3. The climate crisis and the pandemic are a wake-up call for global cooperation, but this Summit is transparently designed to exacerbate divisions. The Chinese and Russian ambassadors to Washington have publicly accused the United States of staging the summit to stoke ideological confrontation and divide the world into hostile camps, while China held a competing International Democracy Forum with 120 countries the weekend before the U.S. summit.
Inviting the government of Taiwan to the U.S. summit further erodes the 1972 Shanghai Communiqué, in which the United States acknowledged the One-China policy and agreed to cut back military installations on Taiwan.
Also invited is the corrupt anti-Russian government installed by the 2014 U.S.-backed coup in Ukraine, which reportedly has half its military forces poised to invade the self-declared People’s Republics of Donetsk and Luhansk in Eastern Ukraine, who declared independence in response to the 2014 coup. The U.S. and NATO have so far supported this major escalation of a civil war that already killed 14,000 people.
4. The U.S. and its Western allies—the self-anointed leaders of human rights—just happen to be the major suppliers of weapons and training to some of the world’s most vicious dictators. Despite its verbal commitment to human rights, the Biden administration and Congress recently approved a $650 million weapons deal for Saudi Arabia at a time when this repressive kingdom is bombing and starving the people of Yemen.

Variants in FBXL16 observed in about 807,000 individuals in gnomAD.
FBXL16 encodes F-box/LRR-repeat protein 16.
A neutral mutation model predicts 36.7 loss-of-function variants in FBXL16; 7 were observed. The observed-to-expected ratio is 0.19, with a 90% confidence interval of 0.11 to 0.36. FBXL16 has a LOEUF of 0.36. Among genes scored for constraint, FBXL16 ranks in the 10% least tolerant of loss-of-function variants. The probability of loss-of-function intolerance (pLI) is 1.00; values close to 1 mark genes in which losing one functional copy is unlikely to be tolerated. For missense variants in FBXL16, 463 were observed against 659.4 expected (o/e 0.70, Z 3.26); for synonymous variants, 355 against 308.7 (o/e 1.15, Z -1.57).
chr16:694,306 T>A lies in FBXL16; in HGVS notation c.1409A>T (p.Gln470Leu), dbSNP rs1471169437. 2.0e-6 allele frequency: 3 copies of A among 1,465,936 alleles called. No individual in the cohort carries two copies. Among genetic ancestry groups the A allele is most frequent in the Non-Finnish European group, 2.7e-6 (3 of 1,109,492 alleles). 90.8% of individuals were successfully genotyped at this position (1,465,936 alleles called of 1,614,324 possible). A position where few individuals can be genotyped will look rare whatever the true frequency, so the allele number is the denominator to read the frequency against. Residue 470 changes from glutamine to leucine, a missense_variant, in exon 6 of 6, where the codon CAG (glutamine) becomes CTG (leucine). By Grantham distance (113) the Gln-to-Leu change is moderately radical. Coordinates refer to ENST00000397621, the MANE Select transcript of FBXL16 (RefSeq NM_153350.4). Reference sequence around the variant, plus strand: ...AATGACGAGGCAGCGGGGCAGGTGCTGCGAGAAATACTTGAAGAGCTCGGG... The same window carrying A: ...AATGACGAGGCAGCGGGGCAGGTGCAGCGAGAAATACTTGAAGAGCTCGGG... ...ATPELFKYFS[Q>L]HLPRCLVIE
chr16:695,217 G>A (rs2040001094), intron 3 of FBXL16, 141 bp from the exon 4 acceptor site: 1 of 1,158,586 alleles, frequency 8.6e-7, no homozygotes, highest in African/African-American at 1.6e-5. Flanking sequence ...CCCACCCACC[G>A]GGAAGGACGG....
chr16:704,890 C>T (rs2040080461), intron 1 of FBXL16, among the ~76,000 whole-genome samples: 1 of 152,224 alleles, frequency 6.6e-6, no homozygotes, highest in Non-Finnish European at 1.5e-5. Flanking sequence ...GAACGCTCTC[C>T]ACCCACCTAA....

Heck, the administration even uses U.S. tax dollars to “donate” weapons to dictators, like General Sisi in Egypt, who oversees a regime with thousands of political prisoners, many of whom have been tortured. Of course, these U.S. allies were not invited to the Democracy Summit—that would be too embarrassing.
5. Perhaps someone should inform Biden that the right to survive is a basic human right. The right to food is recognized in the 1948 Universal Declaration of Human Rights as part of the right to an adequate standard of living, and is enshrined in the 1966 International Covenant on Economic, Social and Cultural Rights.
So why is the U.S. imposing brutal sanctions on countries from Venezuela to North Korea that are causing inflation, scarcity, and malnutrition among children? Former UN special rapporteur Alfred de Zayas has blasted the United States for engaging in “economic warfare” and compared its illegal unilateral sanctions to medieval sieges. No country that purposely denies children the right to food and starves them to death can call itself a champion of democracy.
6. Since the United States was defeated by the Taliban and withdrew its occupation forces from Afghanistan, it is acting as a very sore loser and reneging on basic international and humanitarian commitments. Certainly Taliban rule in Afghanistan is a setback for human rights, especially for women, but pulling the plug on Afghanistan’s economy is catastrophic for the entire nation.